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Old 01 October 2013, 10:41   #1
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How would you right 5mtr plus capsized rib.

I hope it never happens but the possibilities are very real and unlike a sib, ribs are a lot heavier.

Has this happened to anyone on here and if so how did you managed to right it ?

It would be interesting to see if there are any techniques that could be used if you are unfortunate enough to end up in this situation.
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Old 01 October 2013, 11:06   #2
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Swim underneath and tie a mooring line to the deepest (strong) point, like a grab handle on the console. Run the line over the top of the overturned hull. Pull with as many bodies as you can muster leaning off the opposite side tube or even another boat.
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Old 01 October 2013, 11:13   #3
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I hope it never happens but the possibilities are very real and unlike a sib, ribs are a lot heavier.

Has this happened to anyone on here and if so how did you managed to right it ?

It would be interesting to see if there are any techniques that could be used if you are unfortunate enough to end up in this situation.
YOU WORRY TOO MUCH!
Bound to be Some bits on You-Tube
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Old 01 October 2013, 11:18   #4
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YOU WORRY TOO MUCH!
Bound to be Some bits on You-Tube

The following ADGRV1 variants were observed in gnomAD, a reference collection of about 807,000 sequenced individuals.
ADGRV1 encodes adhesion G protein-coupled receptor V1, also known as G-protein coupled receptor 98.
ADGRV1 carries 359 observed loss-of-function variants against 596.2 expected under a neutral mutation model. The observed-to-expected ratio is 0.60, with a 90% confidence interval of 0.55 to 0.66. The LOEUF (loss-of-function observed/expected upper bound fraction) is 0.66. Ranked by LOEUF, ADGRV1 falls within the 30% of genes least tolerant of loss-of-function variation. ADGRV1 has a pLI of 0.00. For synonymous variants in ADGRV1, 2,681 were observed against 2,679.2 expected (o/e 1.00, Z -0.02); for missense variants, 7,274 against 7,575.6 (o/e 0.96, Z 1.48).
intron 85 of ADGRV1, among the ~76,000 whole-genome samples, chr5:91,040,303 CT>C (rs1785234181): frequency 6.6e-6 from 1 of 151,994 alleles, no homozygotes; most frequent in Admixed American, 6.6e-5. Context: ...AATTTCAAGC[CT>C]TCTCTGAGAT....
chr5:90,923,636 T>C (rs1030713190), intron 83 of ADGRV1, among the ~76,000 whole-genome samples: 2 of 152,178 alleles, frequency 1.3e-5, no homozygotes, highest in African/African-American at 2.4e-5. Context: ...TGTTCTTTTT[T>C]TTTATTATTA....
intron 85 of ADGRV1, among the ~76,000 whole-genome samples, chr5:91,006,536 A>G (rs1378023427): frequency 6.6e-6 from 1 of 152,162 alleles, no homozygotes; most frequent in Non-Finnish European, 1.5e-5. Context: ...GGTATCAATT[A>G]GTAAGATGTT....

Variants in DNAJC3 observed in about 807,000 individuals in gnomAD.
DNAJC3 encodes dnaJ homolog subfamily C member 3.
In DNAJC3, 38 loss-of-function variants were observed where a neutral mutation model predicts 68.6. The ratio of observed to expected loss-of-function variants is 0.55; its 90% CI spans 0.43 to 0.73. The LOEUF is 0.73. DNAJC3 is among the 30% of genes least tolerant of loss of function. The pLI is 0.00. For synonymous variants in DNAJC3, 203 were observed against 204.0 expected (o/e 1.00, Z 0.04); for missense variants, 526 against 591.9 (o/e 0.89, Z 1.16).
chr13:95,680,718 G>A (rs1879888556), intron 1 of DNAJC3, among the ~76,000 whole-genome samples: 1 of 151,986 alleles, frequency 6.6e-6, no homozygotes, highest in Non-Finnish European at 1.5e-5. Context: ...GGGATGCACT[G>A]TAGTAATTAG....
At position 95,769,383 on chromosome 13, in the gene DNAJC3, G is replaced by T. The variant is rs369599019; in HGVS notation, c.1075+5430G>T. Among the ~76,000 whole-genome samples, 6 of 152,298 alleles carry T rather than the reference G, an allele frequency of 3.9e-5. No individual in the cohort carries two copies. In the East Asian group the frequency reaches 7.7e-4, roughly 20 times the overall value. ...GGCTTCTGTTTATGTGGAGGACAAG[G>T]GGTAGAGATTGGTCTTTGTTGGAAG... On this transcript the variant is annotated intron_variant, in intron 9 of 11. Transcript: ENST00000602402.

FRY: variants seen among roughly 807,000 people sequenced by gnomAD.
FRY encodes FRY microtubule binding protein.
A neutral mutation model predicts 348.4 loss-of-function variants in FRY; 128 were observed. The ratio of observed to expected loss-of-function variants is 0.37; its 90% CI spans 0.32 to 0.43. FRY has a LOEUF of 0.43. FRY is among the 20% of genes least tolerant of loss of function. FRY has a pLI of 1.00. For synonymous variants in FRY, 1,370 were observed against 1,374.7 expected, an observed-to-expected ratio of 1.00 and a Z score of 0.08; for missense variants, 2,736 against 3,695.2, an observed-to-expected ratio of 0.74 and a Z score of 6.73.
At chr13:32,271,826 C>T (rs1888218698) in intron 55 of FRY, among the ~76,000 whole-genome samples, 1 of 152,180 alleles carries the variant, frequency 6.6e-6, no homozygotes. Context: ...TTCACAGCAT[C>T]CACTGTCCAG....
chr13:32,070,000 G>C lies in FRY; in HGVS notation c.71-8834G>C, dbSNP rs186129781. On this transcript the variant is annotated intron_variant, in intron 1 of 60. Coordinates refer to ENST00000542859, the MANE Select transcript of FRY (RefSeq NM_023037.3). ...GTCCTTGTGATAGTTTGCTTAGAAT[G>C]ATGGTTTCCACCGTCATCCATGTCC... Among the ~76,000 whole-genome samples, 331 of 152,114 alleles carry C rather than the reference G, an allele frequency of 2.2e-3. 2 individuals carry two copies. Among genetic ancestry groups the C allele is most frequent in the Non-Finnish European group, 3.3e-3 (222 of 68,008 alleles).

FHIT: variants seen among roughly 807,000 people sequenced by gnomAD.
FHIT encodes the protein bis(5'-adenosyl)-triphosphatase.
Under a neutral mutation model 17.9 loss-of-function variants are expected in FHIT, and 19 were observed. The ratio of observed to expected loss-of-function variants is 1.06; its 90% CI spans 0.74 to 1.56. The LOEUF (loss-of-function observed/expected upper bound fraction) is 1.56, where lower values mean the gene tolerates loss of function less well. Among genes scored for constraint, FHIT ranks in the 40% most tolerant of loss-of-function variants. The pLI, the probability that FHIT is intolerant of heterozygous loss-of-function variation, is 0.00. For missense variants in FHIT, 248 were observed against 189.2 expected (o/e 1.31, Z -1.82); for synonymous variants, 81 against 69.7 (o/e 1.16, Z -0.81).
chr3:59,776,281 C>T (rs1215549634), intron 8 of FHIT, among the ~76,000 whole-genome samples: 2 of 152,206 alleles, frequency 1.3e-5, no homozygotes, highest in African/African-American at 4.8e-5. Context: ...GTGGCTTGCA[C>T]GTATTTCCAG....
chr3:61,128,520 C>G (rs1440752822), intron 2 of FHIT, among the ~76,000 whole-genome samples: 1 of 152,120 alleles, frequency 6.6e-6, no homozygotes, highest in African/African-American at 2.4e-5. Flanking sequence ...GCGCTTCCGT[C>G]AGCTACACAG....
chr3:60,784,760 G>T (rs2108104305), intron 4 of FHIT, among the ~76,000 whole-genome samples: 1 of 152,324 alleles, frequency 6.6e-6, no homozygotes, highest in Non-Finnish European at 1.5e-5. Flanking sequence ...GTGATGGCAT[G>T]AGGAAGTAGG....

Its always handy to pick up a few tips cant find anything on youtube.
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Old 01 October 2013, 11:27   #5
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Having had to do this, twice, but with a 4m Flatacraft, I can confirm that Capt j's method is the right approach.

A line or two tied off on one side and thrown over the hull.
Climb up the hull on the other side whilst leaning back and over she'll come - right on top of you.

DON'T then try the engine, it's no doubt ingested some water and you don't want to learn about hydraulic lock and the effect it has on conrods.

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Old 01 October 2013, 11:30   #6
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Its always handy to pick up a few tips cant find anything on youtube.
Blimey sure I've seen footage somewhere Steve.
Got an Old B.S.A.C training manual here with full instructions and Diagrams.They use the Rope Crew and WIND to help Right a Flipped Craft- but even a 5m on your own would be a Hand-full I reckon,but maybe possible.
Would all depend on coditions...and what you were wearing...Trouble is if your wet Cold and then exhausted by your efforts...may be better to stay WITH/ON the Boat and wait for help??...Handheld would be pretty valuable then for sure!
When was the last time you went out alone when it was knarley??
Anyway you still worry too much!
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Old 01 October 2013, 11:59   #7
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Old 01 October 2013, 12:09   #8
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It's a lot easier with a sib Scott but a rib is much heavier.

I suppose the only other way is to attach the ropes to another boat.
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Old 01 October 2013, 12:12   #9
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I've wondered about this for a long time too. I've never quite found out what happened in our club's two capsize incidents. They were both in waves near the beach, so they may just have gone ashore upside-down with whatever lump was coming behind them.

Given how difficult sailors sometimes find it to get small, light dinghies upright, I wouldn't fancy my chances with a RIB turned turtle. On my own, I'm not sure I'd even try.

Would it be more trouble than it's worth to partially deflate the tubes on one side, then use righting lines like Nasher and capnjack said?
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Old 01 October 2013, 12:14   #10
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It's a lot easier with a sib Scott but a rib is much heavier. I suppose the only other way is to attach the ropes to another boat.
same principal - we had the MOD police up with there capsize rib before it was banned ..